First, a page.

A native of New York City, Billy Collins (b. 1941–) attended the College of the Holy Cross and then earned his PhD in English from the University of California-Riverside. Throughout the 1980s and 90s, he published many works of poetry, including Questions About Angels, a 1990 National Poetry Series winner—and it is from this work that “American Sonnet” is drawn. In 1994, Poetry magazine selected Collins as “Poet of the Year,” and in 2001 he was named Poet Laureate, a position he held until 2003. From 2004 to 2006, he also served as the Poet Laureate for the State of New York. Collins currently teaches English at Lehman College (CUNY), where he joined the faculty in 1968.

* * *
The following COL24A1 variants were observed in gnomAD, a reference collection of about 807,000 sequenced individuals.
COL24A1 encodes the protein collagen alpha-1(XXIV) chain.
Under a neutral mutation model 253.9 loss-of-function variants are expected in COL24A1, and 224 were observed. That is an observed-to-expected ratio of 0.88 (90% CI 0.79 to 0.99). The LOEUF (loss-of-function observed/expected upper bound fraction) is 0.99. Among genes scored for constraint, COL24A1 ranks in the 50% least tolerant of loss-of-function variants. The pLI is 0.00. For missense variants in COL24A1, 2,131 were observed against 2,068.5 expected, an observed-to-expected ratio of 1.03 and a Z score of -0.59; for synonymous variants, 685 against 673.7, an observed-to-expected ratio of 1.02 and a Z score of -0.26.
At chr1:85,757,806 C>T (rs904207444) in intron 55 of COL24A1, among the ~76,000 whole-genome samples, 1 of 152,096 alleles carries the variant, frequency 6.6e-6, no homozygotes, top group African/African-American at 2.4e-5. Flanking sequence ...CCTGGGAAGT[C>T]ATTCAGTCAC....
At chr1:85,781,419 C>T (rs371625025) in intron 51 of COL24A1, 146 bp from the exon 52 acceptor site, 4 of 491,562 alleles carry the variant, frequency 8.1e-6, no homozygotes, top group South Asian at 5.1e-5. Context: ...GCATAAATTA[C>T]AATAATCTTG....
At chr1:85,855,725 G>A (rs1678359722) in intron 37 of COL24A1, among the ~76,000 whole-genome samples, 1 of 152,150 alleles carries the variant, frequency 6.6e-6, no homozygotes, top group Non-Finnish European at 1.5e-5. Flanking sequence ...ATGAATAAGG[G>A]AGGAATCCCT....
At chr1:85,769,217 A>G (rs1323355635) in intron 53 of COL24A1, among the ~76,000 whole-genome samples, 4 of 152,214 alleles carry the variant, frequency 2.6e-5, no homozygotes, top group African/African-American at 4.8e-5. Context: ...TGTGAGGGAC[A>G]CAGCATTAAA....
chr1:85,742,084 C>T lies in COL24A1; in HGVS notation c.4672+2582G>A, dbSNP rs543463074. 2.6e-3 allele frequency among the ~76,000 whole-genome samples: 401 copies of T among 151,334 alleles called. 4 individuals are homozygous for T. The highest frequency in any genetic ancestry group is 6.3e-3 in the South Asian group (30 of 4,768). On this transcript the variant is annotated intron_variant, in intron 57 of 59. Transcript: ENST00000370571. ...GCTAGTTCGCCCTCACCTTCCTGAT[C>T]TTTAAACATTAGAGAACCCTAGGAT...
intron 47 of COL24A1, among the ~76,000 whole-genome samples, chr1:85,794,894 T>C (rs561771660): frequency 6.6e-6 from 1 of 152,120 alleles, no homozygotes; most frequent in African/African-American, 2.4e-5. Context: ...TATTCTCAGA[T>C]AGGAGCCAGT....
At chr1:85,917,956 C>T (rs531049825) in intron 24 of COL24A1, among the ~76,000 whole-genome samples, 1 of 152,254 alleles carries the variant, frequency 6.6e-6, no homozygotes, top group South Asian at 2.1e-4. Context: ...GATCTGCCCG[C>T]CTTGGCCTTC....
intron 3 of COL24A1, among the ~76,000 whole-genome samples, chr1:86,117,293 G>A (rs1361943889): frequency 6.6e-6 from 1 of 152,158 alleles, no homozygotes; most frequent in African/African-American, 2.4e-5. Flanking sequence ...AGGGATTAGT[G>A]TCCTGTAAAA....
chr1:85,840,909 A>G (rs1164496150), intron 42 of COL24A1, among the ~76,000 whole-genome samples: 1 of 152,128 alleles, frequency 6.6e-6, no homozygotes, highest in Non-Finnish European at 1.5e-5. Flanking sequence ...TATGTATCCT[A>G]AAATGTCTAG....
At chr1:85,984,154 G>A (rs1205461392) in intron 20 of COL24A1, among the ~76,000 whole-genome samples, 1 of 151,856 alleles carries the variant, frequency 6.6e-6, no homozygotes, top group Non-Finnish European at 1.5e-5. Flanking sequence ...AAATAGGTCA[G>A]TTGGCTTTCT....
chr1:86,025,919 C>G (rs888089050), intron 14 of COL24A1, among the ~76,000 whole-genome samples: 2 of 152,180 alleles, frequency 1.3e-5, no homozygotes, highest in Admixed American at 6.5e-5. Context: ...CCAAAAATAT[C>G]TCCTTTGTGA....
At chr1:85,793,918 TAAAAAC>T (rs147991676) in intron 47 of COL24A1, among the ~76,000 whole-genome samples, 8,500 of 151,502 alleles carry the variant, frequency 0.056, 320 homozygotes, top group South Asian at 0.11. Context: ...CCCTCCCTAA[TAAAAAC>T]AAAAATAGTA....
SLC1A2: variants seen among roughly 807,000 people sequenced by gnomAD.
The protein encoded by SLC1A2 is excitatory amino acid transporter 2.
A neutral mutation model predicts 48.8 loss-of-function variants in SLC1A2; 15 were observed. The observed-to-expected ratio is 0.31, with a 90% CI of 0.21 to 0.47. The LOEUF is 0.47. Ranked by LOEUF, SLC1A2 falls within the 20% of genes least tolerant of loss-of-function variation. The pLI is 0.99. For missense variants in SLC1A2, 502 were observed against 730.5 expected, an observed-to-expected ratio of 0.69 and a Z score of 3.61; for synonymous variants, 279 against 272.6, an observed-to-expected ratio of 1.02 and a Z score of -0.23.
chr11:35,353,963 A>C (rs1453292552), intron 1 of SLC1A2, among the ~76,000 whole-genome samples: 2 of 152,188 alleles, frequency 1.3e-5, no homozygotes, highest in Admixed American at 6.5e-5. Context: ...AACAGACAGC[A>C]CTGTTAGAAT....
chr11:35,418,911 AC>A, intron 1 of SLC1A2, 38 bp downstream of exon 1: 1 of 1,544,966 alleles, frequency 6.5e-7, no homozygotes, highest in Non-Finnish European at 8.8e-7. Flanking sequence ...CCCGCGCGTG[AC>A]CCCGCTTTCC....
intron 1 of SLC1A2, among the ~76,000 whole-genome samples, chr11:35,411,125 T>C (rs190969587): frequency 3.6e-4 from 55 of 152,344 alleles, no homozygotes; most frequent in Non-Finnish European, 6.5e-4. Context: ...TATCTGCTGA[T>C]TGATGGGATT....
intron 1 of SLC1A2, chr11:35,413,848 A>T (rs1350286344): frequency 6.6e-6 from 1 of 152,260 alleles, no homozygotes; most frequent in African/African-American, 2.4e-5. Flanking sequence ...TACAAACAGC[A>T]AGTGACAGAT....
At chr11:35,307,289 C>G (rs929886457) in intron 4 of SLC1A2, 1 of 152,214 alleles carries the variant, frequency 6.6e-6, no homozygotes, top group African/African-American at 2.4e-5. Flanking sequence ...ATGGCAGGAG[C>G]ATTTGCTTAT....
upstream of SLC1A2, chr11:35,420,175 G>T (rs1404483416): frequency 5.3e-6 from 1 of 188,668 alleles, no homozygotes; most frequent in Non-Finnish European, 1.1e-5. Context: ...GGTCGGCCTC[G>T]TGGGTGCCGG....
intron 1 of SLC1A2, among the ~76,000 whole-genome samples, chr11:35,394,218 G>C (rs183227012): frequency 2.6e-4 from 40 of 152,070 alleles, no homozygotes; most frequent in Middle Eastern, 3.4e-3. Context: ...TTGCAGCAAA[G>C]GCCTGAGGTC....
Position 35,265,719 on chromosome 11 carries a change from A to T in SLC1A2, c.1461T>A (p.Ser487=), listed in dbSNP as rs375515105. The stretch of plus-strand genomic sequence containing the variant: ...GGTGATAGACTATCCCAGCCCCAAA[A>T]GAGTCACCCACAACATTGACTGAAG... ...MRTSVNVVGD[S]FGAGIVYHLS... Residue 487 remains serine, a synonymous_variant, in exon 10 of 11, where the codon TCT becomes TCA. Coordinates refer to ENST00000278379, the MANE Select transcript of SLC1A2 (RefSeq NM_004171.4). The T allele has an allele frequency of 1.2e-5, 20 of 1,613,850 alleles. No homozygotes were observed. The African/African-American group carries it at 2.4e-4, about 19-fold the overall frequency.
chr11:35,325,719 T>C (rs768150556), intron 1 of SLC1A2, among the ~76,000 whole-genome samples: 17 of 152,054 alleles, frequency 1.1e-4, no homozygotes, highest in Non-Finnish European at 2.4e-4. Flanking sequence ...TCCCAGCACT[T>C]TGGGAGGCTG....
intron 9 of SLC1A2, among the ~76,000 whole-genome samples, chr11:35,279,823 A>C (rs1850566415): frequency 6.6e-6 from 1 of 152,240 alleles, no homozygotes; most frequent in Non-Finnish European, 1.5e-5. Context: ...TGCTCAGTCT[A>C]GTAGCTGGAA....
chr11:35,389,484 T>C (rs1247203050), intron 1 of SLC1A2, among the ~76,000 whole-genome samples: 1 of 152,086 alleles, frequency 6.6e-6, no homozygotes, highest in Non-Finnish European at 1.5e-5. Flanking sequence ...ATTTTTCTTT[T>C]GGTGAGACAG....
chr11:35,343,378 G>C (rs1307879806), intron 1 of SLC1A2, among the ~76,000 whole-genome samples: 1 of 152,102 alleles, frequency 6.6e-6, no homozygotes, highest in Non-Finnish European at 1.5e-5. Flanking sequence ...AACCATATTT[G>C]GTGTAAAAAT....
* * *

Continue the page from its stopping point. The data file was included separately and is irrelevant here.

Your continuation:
In this poem, Collins compares the traditional Italian or English sonnet to a postcard, which he describes as “a poem on vacation, / that forces us to sing our songs in little rooms / or pour our sentiments into measuring cups.” How is the postcard like a sonnet? How is it not? Consider, too, Collins’ own poem: is it a sonnet as its title claims? How does it follow, and break from, the genre’s conventions? Collins writes that “We do not speak like Petrarch or wear a hat like Spenser;” are the old poetic forms, such as the sonnet, no longer appropriate to the American experience? Why or why not? How is Collins’ American song (and those of the postcard writers he describes) different from, or similar to, the American songs in Walt Whitman’s “I Hear America Singing” or in Maya Angelou’s “Caged Bird”?